Fast Forward: Work, Gender, and Protest in a Changing World

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Rowman & Littlefield, Jan 1, 2001 - Business & Economics - 301 pages
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This innovative, global feminist analysis of work and politics examines the diverse problems and related protests of women and men who labor to make ends meet in a rapidly-changing world. Using vivid examples from around the world, it reveals how "globalization" is reshaping social institutions and lives. Fast Forward explores how businesses and states reshaped and redistributed work around the world during the last 30 years of "globalization," often with adverse consequences. Within this fast-moving context, laboring people today engage in work outside of formal employment, try to obtain survival resources, mount a diverse array of often women-centered protests against firms and states, and try on their own terms to reinvent work and democratic political practices. Portraying the human face of global change, Fast Forward shows how overlapping social movements wrestle with economic and political marginalization, and initiate highly diverse, but related attempts to change the way the world works."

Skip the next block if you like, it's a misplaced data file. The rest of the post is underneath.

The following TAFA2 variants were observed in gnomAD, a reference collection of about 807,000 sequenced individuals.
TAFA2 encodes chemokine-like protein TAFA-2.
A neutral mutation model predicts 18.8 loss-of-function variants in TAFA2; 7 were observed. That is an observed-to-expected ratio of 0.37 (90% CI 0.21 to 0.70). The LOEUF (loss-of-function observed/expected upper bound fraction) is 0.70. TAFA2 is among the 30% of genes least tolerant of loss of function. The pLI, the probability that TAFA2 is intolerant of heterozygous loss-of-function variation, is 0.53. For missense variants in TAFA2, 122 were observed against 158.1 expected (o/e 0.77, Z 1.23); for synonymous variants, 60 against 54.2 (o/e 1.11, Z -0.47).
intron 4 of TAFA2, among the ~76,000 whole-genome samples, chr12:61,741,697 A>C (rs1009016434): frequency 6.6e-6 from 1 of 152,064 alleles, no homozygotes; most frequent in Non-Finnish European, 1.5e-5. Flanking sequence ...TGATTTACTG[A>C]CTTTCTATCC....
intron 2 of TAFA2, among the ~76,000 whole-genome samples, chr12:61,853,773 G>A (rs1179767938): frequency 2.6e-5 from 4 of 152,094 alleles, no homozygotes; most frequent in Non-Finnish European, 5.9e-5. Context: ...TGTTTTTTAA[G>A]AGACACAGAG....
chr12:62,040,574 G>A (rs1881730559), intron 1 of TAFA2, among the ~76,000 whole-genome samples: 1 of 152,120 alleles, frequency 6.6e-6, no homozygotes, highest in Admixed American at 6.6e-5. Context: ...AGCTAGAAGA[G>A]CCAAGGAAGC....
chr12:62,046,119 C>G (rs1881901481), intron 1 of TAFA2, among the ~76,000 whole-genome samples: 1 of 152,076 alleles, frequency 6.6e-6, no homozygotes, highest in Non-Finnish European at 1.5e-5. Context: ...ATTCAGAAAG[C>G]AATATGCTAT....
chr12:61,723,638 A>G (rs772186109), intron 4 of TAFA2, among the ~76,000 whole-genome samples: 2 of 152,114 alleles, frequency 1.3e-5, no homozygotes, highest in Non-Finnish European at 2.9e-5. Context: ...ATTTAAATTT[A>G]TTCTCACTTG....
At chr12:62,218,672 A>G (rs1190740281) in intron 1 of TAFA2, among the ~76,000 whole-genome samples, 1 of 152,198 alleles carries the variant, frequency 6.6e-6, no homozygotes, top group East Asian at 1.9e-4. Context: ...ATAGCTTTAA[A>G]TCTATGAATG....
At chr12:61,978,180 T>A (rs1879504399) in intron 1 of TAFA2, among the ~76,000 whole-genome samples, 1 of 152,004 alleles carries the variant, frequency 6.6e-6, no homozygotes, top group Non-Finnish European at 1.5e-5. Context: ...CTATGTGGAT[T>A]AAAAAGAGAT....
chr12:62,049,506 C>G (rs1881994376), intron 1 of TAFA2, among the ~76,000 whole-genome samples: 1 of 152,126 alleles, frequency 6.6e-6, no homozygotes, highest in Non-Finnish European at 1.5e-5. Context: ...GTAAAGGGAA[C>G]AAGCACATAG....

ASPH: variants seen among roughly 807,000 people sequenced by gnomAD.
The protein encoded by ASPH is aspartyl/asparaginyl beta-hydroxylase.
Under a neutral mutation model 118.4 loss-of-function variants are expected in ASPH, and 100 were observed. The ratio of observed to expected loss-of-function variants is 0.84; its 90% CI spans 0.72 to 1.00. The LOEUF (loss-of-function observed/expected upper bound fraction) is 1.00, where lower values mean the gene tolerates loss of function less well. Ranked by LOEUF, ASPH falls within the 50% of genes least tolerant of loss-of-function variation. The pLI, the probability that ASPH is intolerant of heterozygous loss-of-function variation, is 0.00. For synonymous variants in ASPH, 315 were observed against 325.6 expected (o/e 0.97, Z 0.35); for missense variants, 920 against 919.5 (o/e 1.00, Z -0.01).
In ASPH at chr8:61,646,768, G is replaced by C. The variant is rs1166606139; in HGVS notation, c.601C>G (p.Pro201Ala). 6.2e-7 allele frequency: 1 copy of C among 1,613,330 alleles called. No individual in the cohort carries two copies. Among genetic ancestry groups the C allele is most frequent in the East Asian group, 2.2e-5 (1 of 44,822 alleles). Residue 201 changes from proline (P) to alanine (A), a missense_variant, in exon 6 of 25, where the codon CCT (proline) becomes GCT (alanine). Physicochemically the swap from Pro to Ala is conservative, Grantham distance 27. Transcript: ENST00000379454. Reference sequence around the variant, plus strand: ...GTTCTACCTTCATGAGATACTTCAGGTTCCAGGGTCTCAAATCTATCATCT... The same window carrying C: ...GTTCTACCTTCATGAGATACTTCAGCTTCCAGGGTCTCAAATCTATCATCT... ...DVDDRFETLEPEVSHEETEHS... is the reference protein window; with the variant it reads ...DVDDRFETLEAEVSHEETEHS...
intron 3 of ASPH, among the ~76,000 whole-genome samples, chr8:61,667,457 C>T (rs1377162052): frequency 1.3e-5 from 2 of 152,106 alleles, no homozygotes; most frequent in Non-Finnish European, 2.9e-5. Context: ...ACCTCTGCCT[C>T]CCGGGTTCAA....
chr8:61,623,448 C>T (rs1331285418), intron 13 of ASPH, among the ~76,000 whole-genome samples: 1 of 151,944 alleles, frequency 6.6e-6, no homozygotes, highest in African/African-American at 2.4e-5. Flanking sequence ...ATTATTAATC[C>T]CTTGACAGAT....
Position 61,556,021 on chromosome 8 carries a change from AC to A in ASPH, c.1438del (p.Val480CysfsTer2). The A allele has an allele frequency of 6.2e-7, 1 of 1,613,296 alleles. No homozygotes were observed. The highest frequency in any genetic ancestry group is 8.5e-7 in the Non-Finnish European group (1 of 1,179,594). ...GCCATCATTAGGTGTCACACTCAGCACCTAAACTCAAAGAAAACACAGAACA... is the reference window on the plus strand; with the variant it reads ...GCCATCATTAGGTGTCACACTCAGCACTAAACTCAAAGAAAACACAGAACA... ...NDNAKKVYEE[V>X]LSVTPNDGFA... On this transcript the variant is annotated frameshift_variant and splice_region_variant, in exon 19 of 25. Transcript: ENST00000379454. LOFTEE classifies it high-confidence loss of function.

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Contents

An Introduction to Work Gender and Protest
3
WORKER HOUSEHOLDS BUSINESSES AND STATES
21
The Meaning of Work
23
The Changing World of Work
36
The Redistribution and Reorganization of Work in the Core
49
The Submerging Periphery
82
Reverses in the Semiperiphery
114
Welfare States Cut Worker Benefits
138
CHANGE AND PROTEST
203
Institutional Struggles Female and Male Workers Challenge Business
205
Institutional Struggles Workers Challenge States
224
Diversifying Struggles Redefining Work and Society
252
CONCLUSION
273
Fast Forward
275
Selected Bibliography
291
Index
295

THE CHANGING GROUND FOR WORKING HOUSEHOLDS
159
Households Class Transformations and the Emergence of WomenCentered Labor Movements
161
The Degradation of Social and Natural Work Environments
186
About the Authors
303
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About the author (2001)

Torry Dickinson is associate professor of women's studies at Kansas State University. Robert Schaeffer is associate professor of sociology at Kansas State University.

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